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Pant’s car accident on 30 December, in which he was lucky to survive but suffered serious injuries, including a right knee ligament tear, likely means a long layoff. This puts Kishan in the spotlight as a wicketkeeper-opener—a role that Rahul has also played. For Kishan to get an extended run as an opener, Rahul would have to move to the middle order. Kohli’s No.3 slot should also be up for grabs if he continues to fail to lift his scoring rate against spin bowling. 

The absence of Shikhar Dhawan after his failures in Bangladesh indicates that the team management is searching for a new top order ODI combination. Likewise, the absence of Ashwin suggests that the team is looking for a spin trio of wicket-takers. 

Washington Sundar has returned to the fray as the off-spinning all-rounder, but more exciting still is the return of Kuldeep Yadav. This young spinner’s confidence got shaken in the IPL after Dinesh Karthik took over the captaincy of Kolkata Knight Riders (KKR), gave Kuldeep only four games in the 2020 season and benched him throughout the 2021 season.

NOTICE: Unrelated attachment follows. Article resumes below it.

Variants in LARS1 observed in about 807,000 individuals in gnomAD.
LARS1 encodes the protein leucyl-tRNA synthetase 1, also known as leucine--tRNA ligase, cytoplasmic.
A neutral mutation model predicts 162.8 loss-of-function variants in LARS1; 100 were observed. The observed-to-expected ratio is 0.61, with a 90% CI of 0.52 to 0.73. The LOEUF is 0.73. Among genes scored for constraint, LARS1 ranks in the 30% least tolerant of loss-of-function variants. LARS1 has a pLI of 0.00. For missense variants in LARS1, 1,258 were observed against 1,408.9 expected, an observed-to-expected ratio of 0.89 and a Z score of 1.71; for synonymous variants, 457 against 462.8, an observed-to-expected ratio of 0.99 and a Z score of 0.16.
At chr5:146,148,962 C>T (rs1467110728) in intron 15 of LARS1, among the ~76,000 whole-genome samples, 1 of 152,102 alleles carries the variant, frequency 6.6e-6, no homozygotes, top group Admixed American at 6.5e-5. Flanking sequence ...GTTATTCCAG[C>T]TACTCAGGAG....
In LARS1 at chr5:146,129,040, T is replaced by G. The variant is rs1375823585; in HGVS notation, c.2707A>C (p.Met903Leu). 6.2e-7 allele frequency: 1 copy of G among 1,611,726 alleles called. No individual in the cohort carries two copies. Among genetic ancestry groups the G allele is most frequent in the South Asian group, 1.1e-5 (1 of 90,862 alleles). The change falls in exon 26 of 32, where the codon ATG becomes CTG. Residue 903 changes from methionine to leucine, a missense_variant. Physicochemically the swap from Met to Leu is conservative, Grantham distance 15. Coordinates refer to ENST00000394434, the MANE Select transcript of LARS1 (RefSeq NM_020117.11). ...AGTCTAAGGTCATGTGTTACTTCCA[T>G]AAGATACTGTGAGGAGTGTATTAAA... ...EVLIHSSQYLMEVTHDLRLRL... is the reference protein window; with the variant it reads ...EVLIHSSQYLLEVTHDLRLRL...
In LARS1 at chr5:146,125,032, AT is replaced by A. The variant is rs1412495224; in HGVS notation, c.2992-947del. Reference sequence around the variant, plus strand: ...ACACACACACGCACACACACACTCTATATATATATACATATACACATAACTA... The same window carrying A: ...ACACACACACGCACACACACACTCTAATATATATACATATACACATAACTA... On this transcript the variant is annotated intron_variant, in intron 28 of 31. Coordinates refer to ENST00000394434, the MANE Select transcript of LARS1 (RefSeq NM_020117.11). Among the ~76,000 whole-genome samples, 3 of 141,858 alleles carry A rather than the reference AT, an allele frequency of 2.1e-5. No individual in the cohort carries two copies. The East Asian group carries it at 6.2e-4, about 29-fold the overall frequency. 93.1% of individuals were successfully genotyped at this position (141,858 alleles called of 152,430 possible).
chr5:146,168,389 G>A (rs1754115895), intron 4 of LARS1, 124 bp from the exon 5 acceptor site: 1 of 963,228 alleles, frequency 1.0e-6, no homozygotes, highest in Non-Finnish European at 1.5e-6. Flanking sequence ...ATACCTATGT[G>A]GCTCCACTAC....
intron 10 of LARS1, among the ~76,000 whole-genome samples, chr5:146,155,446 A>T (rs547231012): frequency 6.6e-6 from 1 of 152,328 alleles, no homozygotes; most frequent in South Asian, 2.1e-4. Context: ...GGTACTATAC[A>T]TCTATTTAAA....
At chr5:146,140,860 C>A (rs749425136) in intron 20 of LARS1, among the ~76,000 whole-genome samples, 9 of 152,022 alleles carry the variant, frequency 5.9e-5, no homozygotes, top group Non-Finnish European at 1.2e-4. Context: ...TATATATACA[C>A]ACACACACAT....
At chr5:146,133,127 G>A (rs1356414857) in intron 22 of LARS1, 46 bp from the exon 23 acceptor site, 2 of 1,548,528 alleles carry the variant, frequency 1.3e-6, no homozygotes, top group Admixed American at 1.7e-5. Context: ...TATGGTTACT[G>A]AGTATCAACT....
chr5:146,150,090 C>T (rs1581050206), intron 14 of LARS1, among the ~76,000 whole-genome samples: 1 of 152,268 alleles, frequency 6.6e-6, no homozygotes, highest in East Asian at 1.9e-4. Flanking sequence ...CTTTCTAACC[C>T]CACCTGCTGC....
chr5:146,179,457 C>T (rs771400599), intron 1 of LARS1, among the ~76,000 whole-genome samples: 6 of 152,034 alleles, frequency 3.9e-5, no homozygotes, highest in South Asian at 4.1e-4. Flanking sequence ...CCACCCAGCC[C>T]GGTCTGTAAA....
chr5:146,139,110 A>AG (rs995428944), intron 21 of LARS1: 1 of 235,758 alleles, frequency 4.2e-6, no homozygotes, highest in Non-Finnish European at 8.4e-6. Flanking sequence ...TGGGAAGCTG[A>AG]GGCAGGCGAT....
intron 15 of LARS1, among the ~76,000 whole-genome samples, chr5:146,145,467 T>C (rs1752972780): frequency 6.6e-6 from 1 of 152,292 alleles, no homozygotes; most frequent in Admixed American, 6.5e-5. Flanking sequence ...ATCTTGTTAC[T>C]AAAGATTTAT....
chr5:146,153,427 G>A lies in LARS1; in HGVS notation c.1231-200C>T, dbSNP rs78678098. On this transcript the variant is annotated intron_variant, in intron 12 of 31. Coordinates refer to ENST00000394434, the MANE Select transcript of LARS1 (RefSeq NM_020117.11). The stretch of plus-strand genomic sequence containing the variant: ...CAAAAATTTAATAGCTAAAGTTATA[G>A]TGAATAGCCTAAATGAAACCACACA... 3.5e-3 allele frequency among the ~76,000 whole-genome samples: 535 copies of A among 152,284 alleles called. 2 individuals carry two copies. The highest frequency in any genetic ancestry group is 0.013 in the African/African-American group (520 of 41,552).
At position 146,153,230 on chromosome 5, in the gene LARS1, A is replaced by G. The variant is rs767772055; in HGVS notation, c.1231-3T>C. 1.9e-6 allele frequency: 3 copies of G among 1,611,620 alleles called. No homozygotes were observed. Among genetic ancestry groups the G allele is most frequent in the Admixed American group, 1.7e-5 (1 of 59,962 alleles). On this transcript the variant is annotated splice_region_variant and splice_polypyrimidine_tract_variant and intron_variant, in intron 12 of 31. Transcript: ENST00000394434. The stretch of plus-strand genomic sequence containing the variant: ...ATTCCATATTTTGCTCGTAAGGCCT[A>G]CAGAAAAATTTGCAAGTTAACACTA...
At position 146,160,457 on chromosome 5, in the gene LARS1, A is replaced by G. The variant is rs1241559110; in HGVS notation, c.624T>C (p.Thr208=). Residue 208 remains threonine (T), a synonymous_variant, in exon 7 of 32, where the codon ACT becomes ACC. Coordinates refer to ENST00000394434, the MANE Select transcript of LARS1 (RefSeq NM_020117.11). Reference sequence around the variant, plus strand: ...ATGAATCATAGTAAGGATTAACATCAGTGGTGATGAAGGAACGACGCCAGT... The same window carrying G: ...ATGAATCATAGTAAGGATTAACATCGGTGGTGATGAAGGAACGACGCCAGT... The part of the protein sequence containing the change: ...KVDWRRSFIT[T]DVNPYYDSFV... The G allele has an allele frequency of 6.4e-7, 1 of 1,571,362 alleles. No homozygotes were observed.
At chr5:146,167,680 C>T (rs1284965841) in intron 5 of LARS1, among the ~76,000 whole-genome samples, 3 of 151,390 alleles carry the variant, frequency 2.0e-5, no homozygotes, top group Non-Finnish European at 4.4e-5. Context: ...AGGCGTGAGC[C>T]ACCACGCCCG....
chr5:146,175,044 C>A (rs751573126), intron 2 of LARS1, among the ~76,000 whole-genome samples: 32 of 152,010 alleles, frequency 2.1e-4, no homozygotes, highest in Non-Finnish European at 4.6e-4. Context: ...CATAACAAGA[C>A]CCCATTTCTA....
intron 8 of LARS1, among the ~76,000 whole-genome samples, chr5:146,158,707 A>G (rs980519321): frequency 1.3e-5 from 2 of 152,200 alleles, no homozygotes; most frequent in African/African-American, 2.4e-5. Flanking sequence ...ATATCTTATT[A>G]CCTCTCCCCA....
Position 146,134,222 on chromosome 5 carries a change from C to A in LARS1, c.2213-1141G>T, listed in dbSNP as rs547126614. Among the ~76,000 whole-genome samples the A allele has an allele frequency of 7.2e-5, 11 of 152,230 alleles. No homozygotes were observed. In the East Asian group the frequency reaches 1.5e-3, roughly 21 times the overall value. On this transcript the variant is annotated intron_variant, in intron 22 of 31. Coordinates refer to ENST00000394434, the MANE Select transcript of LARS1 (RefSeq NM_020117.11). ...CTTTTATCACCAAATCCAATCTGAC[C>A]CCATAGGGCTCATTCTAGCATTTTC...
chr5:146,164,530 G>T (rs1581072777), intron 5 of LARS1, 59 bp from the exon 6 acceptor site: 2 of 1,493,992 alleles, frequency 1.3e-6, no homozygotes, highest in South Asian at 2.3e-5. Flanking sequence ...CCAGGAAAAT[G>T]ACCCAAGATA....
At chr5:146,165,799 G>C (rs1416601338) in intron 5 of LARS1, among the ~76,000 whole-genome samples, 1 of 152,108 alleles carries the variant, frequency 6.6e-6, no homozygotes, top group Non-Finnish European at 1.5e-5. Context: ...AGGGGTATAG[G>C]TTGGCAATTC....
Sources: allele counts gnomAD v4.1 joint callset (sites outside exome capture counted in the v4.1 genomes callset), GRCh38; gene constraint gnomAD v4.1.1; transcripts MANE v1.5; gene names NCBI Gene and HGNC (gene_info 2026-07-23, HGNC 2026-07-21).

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The left-arm leg-spin googly exponent regained his mojo last year after moving to Delhi Capitals where Aussie coaches Ricky Ponting and Shane Watson, along with skipper Rishabh Pant, made him feel secure about his position in the side. He became the fifth highest wicket-taker in the league. 

Unfortunately, the spectre of being in and out of the team returned to haunt Yadav last month in Bangladesh. The Indian team management dropped him from the playing 11 for the second Test right after he had taken eight wickets to be the player-of-the-match in the first Test. 

Dravid felt the need for a third seamer, and Jaydev Unadkat had a decent debut with three wickets in the second Test. But, in the larger scheme of things, which is to win the ODI World Cup this year at home, it was imperative to retain Yadav after his fabulous comeback performance. India will need match-winners like him if Rohit Sharma hopes to lift the Cup, like Dhoni did in 2011. 

Sumit Chakraberty is a writer based in Bengaluru.